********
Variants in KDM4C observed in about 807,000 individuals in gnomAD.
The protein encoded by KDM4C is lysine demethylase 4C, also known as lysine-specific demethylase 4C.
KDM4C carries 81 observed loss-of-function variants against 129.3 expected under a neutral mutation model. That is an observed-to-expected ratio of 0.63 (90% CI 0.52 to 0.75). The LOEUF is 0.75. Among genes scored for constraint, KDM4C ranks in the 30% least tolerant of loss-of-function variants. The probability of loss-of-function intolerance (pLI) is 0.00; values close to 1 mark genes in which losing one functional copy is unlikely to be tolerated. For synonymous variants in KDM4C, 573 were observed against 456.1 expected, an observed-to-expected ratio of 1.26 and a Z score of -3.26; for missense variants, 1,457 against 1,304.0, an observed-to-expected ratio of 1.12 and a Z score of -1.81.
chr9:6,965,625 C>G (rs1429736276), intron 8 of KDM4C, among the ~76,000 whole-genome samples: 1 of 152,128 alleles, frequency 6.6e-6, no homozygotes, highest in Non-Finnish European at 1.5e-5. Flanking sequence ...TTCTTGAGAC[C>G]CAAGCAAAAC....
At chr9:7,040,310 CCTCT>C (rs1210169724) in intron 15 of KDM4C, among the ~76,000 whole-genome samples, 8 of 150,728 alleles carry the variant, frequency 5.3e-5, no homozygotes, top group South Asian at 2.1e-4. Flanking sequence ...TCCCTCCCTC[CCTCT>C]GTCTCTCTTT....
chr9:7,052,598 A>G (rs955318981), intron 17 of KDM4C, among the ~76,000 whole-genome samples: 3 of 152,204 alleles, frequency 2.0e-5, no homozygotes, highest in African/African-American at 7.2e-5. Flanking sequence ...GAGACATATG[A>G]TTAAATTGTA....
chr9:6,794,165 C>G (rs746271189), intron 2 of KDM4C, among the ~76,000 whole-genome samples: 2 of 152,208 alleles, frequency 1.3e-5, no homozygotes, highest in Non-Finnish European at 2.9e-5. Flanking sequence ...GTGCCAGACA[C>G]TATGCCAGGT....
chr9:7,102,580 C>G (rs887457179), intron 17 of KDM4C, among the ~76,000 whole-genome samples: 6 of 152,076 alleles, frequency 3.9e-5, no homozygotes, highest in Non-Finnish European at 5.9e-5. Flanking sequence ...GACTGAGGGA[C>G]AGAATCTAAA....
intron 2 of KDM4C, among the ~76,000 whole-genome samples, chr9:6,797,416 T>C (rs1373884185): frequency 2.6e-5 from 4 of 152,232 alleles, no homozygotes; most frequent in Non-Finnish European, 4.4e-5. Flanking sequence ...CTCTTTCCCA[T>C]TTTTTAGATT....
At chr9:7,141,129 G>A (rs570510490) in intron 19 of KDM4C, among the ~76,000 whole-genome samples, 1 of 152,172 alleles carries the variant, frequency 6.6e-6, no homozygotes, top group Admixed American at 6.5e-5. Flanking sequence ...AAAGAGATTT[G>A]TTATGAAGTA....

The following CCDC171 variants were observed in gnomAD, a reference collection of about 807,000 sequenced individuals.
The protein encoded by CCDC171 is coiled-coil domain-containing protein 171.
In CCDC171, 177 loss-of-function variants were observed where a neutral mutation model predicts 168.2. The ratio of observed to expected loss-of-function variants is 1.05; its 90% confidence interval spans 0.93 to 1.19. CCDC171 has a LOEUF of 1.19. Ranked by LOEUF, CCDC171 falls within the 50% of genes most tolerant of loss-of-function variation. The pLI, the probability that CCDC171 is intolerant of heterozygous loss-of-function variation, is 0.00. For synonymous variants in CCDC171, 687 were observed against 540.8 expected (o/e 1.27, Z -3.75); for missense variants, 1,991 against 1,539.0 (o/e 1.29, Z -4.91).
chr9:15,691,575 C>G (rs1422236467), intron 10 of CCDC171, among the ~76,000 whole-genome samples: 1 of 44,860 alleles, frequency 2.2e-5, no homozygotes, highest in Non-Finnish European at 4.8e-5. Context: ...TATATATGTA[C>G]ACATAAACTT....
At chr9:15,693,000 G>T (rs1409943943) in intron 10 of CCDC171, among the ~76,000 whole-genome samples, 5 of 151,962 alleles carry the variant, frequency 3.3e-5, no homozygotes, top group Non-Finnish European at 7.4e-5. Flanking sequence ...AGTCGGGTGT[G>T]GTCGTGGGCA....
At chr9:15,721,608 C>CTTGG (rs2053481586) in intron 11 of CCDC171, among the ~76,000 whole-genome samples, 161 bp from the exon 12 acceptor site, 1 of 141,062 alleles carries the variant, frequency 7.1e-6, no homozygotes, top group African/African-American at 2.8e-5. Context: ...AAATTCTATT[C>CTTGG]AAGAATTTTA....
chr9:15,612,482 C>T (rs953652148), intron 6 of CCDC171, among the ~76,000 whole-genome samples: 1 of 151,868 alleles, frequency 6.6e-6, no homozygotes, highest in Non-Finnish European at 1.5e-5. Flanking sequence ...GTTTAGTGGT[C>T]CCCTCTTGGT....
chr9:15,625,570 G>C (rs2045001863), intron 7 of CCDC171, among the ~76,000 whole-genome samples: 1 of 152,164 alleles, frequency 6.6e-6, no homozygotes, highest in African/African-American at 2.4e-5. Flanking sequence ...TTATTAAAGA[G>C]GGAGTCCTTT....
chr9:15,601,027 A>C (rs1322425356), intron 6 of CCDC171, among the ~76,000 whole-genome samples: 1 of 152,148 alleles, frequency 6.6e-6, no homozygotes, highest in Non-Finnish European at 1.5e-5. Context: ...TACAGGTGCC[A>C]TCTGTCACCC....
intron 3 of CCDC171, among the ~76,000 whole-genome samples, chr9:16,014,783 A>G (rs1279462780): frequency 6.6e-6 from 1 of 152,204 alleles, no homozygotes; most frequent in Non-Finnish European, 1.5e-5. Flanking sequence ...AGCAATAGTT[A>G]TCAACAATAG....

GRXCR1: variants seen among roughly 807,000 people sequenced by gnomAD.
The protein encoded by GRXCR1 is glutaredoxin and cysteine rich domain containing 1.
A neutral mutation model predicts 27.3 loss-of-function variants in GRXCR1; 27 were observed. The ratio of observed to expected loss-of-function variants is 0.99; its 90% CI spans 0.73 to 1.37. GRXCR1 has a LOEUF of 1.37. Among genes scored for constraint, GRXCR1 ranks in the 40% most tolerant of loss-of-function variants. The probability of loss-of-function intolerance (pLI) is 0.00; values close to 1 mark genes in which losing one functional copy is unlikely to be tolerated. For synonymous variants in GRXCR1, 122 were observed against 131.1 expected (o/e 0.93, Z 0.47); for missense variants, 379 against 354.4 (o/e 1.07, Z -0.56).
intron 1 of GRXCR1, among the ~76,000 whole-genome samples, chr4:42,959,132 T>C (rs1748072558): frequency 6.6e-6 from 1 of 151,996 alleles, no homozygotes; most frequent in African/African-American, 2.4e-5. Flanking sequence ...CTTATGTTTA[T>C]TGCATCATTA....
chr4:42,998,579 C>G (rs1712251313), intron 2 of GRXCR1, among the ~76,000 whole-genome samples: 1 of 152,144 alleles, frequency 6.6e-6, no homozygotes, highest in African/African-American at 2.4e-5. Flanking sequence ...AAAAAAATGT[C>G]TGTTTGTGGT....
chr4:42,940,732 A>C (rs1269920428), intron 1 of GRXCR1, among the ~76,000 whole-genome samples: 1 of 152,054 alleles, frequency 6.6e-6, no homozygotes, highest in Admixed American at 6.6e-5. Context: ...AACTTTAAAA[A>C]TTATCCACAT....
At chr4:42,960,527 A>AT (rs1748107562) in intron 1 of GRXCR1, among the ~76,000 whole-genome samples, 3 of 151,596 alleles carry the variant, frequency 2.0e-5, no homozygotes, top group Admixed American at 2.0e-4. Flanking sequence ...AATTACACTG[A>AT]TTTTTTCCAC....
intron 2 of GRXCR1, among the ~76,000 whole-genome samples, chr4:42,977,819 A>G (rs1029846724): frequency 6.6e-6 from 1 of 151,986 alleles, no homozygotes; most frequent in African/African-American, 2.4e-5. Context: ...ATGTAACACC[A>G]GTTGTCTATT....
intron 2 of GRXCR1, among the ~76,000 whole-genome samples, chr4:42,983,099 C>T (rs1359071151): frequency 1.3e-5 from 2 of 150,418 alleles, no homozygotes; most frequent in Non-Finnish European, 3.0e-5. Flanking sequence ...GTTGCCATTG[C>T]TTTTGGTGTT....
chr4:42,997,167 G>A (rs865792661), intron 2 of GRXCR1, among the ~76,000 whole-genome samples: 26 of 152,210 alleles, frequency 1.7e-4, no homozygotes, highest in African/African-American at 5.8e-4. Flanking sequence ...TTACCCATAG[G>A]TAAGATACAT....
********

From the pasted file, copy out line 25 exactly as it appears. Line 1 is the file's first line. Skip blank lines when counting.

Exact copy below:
chr4:42,998,579 C>G (rs1712251313), intron 2 of GRXCR1, among the ~76,000 whole-genome samples: 1 of 152,144 alleles, frequency 6.6e-6, no homozygotes, highest in African/African-American at 2.4e-5. Flanking sequence ...AAAAAAATGT[C>G]TGTTTGTGGT....